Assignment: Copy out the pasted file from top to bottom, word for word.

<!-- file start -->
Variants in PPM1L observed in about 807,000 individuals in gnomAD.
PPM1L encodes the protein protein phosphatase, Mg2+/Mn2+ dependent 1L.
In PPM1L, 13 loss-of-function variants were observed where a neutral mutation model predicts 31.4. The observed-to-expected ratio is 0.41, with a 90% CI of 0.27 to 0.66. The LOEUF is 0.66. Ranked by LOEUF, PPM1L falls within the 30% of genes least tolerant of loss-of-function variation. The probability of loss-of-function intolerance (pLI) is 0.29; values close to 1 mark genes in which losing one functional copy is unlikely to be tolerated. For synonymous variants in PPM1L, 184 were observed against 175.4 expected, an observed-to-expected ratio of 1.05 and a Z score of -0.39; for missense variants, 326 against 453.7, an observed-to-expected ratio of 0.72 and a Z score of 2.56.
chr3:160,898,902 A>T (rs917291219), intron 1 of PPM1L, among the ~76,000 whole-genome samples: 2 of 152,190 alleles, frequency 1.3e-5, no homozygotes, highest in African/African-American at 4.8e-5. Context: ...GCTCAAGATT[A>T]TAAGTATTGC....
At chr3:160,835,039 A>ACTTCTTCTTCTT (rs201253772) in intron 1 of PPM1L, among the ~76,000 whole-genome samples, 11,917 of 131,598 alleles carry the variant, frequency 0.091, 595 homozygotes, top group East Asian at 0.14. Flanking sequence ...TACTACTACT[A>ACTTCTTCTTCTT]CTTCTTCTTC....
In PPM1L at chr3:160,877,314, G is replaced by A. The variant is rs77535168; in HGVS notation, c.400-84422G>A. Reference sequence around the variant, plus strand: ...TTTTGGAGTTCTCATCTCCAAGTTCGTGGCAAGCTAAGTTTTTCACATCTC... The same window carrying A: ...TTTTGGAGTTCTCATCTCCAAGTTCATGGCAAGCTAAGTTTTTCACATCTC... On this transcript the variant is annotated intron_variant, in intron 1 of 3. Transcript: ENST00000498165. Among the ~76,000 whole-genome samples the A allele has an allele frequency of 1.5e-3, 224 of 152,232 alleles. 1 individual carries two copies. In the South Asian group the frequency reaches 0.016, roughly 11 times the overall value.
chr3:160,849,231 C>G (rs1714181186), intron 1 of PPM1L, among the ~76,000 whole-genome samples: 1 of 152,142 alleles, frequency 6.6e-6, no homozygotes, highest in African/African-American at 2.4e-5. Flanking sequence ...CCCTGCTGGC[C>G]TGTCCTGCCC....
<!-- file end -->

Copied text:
Variants in PPM1L observed in about 807,000 individuals in gnomAD.
PPM1L encodes the protein protein phosphatase, Mg2+/Mn2+ dependent 1L.
In PPM1L, 13 loss-of-function variants were observed where a neutral mutation model predicts 31.4. The observed-to-expected ratio is 0.41, with a 90% CI of 0.27 to 0.66. The LOEUF is 0.66. Ranked by LOEUF, PPM1L falls within the 30% of genes least tolerant of loss-of-function variation. The probability of loss-of-function intolerance (pLI) is 0.29; values close to 1 mark genes in which losing one functional copy is unlikely to be tolerated. For synonymous variants in PPM1L, 184 were observed against 175.4 expected, an observed-to-expected ratio of 1.05 and a Z score of -0.39; for missense variants, 326 against 453.7, an observed-to-expected ratio of 0.72 and a Z score of 2.56.
chr3:160,898,902 A>T (rs917291219), intron 1 of PPM1L, among the ~76,000 whole-genome samples: 2 of 152,190 alleles, frequency 1.3e-5, no homozygotes, highest in African/African-American at 4.8e-5. Context: ...GCTCAAGATT[A>T]TAAGTATTGC....
At chr3:160,835,039 A>ACTTCTTCTTCTT (rs201253772) in intron 1 of PPM1L, among the ~76,000 whole-genome samples, 11,917 of 131,598 alleles carry the variant, frequency 0.091, 595 homozygotes, top group East Asian at 0.14. Flanking sequence ...TACTACTACT[A>ACTTCTTCTTCTT]CTTCTTCTTC....
In PPM1L at chr3:160,877,314, G is replaced by A. The variant is rs77535168; in HGVS notation, c.400-84422G>A. Reference sequence around the variant, plus strand: ...TTTTGGAGTTCTCATCTCCAAGTTCGTGGCAAGCTAAGTTTTTCACATCTC... The same window carrying A: ...TTTTGGAGTTCTCATCTCCAAGTTCATGGCAAGCTAAGTTTTTCACATCTC... On this transcript the variant is annotated intron_variant, in intron 1 of 3. Transcript: ENST00000498165. Among the ~76,000 whole-genome samples the A allele has an allele frequency of 1.5e-3, 224 of 152,232 alleles. 1 individual carries two copies. In the South Asian group the frequency reaches 0.016, roughly 11 times the overall value.
chr3:160,849,231 C>G (rs1714181186), intron 1 of PPM1L, among the ~76,000 whole-genome samples: 1 of 152,142 alleles, frequency 6.6e-6, no homozygotes, highest in African/African-American at 2.4e-5. Flanking sequence ...CCCTGCTGGC[C>G]TGTCCTGCCC....